About The Grange

Farm-to-table Restaurant

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Good Food is Our Passion

At the heart of our business is love.  Love for how a small farm fits perfectly into a community restaurant with its flavors and  freshness.  Love that the processing of Grange food can remain simple because of the goodness of our local ingredients. Love for the Grange building—its lovely old architecture. Most importantly, love for the original mission of a Grange Hall, which obliges its caretakers to host the community.  And that is what Luke and Sarah are, above all: hosts to the community.

Why eat at a farm-to-table restaurant?

  • Farm-to-table flavors practically explode in your mouth, bursting with freshness and vibrancy.
  • It not only tastes better, it’s better nutrition for your body. Your health will improve and your body will become more alert and active.
  • When you eat at a farm-to-table restaurant, a cycle of benefits is created. Local farmers and producers are supported so they can continue producing delicious and healthy food for you. And around it goes.

So, come on in, relax and let us treat you to a good, healthy, organic food.

— Luke and Sarah

Delicious food made from farm fresh veggies
Luke and Sarah
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Meet Luke and Sarah

Sarah Cassidy and Luke Woodward own and operate the Grange and run Hearth Farm on Snoqualmie People’s land. Hearth Farm grows the bulk of the produce and pork for the Grange.

Their winding route to the restaurant world began in the farm fields, where first they cultivated their love of good food.

In Senegal, West Africa they fell in love with farming, manual and craft-based. After 2 years, Luke and Sarah returned to the US to work on organic farms, and founded Oxbow Farm in Carnation in 1999. In their 17 year tenure, they managed its 25 acre farm and CSA program and created the education program that taught kids and adults about farming, natives, and land stewardship.

In 2017 Sarah and Luke bought the Grange Café from Luke’s sister Judy and brother in law Rod Neldam, remodeled, and reconceived the menu with guidance from chef and dear friend Matt Dillon. The Grange’s opening night fell on Friday the 13th of July, 2018, as auspicious as it gets for 2 ‘Opposite Day’ enthusiasts.

From its bootstrap start to present, the Grange rolls ever onward, gathering to itself a superhuman staff, generous guests, passionate patrons. All these fellow humans help to enhance the unique “sourdough starter” that flavors the Grange experience.

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Fresh. Organic. Local.

Hearth Farm

Heart + Earth = HEARTH

Sarah and Luke’s soulful growing grounds is Hearth Farm.  It is on Snoqualmie People’s land.  A hearth, by definition, holds the fire in the center of the home where all the cooking used to be done.  Hearth provides warmth and light, food and family.  It is a symbol of what sustains us.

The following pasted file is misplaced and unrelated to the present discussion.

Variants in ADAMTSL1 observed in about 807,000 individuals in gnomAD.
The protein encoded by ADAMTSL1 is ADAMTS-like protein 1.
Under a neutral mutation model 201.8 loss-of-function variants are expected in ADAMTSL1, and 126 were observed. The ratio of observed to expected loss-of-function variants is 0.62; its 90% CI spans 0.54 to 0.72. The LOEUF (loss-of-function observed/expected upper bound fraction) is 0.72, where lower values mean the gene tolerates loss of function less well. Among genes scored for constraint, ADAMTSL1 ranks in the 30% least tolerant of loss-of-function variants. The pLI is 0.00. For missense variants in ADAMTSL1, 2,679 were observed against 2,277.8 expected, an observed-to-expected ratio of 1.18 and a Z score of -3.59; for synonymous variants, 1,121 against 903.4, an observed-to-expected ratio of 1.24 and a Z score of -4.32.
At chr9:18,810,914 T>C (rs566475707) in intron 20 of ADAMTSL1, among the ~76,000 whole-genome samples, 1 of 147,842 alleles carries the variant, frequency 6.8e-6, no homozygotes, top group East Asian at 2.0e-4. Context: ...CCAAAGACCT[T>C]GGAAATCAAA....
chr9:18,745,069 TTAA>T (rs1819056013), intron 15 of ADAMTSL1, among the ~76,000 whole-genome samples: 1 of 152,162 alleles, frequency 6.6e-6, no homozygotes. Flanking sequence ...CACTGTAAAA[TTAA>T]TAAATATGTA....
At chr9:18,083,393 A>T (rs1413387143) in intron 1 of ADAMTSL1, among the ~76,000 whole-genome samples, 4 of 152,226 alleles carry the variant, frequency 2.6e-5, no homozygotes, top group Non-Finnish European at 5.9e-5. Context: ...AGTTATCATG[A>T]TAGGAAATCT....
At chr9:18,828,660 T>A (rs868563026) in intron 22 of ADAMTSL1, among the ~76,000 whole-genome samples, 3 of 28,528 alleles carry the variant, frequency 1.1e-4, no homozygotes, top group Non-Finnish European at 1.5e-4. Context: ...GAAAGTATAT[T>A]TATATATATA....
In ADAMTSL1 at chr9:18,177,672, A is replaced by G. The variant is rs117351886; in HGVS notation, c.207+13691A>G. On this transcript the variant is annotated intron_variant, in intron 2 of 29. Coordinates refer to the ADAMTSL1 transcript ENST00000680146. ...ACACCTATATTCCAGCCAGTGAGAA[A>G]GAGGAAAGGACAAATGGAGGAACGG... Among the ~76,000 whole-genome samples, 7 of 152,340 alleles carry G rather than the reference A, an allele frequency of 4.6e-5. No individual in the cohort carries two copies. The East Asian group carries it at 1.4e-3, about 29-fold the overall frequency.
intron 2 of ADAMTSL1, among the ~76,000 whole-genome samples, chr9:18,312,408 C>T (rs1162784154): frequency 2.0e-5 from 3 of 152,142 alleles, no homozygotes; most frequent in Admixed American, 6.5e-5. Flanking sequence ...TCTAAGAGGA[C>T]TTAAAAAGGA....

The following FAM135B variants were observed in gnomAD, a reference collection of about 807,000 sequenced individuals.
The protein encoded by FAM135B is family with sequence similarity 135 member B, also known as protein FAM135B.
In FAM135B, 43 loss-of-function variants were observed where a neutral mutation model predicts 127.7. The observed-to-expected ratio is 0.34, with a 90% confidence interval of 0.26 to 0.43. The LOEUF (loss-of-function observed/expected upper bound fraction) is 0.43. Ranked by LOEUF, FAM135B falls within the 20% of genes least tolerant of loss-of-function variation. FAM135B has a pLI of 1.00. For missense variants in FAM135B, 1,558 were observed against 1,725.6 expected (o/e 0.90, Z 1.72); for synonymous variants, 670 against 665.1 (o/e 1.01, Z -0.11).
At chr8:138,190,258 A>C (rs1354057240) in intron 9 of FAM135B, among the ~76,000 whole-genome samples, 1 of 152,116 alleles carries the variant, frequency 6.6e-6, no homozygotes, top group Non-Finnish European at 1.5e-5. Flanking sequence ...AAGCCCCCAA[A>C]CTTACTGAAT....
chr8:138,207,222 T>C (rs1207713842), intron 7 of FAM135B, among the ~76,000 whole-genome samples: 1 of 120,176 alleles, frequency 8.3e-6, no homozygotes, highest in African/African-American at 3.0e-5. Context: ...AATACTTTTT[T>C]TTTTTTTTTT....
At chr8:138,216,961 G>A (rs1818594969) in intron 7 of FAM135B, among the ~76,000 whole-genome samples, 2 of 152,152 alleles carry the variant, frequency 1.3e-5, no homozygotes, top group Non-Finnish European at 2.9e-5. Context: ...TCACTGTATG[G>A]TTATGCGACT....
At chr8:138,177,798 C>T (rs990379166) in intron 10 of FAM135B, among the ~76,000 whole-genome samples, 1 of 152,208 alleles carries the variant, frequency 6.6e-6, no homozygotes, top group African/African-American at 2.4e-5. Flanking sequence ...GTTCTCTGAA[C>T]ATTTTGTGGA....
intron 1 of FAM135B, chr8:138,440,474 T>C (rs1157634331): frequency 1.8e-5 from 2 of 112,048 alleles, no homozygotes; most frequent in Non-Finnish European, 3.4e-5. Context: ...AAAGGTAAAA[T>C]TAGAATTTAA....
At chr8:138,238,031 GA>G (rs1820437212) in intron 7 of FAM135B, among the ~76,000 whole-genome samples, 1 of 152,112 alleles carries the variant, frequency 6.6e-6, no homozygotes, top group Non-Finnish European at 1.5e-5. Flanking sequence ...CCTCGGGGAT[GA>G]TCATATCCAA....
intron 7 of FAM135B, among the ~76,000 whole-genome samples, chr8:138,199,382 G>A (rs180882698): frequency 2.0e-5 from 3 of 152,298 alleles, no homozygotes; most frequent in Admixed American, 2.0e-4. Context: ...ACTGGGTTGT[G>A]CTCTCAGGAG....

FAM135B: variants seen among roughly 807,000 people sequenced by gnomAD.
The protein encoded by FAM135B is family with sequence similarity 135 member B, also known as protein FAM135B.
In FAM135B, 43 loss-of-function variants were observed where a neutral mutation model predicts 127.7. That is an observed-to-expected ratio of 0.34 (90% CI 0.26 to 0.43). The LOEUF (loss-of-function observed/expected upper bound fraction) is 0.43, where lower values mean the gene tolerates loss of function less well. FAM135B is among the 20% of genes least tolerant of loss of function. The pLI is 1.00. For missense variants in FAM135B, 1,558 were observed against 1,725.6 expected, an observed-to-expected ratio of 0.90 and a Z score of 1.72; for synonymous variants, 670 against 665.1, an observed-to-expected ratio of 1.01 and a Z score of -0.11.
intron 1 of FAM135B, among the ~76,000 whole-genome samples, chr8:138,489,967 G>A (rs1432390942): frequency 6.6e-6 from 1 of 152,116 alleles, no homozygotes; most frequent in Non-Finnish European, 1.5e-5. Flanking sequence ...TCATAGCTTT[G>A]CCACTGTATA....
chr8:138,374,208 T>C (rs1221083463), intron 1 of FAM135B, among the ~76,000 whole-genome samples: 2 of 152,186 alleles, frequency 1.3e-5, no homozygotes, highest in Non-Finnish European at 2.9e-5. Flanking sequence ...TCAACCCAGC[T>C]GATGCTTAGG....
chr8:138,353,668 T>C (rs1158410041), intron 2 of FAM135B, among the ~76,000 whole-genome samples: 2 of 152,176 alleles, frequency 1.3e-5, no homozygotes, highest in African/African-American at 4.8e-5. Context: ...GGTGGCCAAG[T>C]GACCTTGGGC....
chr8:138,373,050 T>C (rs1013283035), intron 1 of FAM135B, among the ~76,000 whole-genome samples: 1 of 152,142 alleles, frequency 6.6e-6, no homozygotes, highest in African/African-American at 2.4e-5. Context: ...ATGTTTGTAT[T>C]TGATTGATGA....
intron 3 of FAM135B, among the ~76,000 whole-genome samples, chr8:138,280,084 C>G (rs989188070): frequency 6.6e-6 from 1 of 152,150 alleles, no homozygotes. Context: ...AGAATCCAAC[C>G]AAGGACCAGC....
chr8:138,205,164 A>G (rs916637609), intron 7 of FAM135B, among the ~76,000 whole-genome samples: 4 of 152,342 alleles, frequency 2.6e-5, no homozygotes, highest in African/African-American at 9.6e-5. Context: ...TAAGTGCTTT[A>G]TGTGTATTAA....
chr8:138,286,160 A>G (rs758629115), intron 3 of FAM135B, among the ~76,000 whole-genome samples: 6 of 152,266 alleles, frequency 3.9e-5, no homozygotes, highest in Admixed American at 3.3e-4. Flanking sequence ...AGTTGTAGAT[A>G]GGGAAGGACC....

Upper Hearth Farm surrounds our home on 4 acres and houses our pig operation, propagation house, asparagus patch, other perennial vegetables and herbs, and various apple, pear, plum, fig, service berry, and cherry trees.  Lower Hearth is 1 acre currently perched on our friend’s Claire and Dave’s land in the valley, where the soil is that famously robust, nourishing, alluvial type.  All the annual row cropping happens here: peas, carrots, lettuce, kale, broccoli, tomatoes, potatoes, peppers, radishes, the 3 Sisters, and sundry other produce.

Both patches provide food for humans, yes, but equally for the wildlife who live here: from the small essential workers—microbial soil creatures—to worms, beetles, bees, spiders, snakes, birds, bats, coyotes, deer, bobcats, cougars, bears, the slimy and furry things also trying to make a living.  We till nominally, leave wild places wild, let stuff rot, provide shade, mow infrequently, and leave food to feed them and keep them healthy.  A wise organic farmer relies on good relations with these neighbors and allies.  We are at their mercy in maintaining soil and ecosystem balance.

Hearth Farm
The inside of The Grange
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The Grange Building

The Grange restaurant and bar is fittingly housed in Duvall’s old Grange Hall building, on Snoqualmie People’s land.  Grange Halls are a bridge to our American farming history: The Grange Organization is a uniquely agricultural organization established in the US in 1867 to unite farmers for educational, political and social purposes.  Early Grange chapters recruited equally both male and female farmers and offered them political leverage and cooperative buying power, and their Grange halls offered a gathering space for dinners, dances and celebrations.  The Grange organization continues to this day.

Built in 1926, Duvall’s Grange building is one of the oldest structures in town. The handsome white and black trimmed clapboard building has served many purposes over the years, but now it’s spacious interior and wood-fired oven are home to refined yet casual cuisine focused on ingredients sourced from farms within our region.

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The Grange Restaurant

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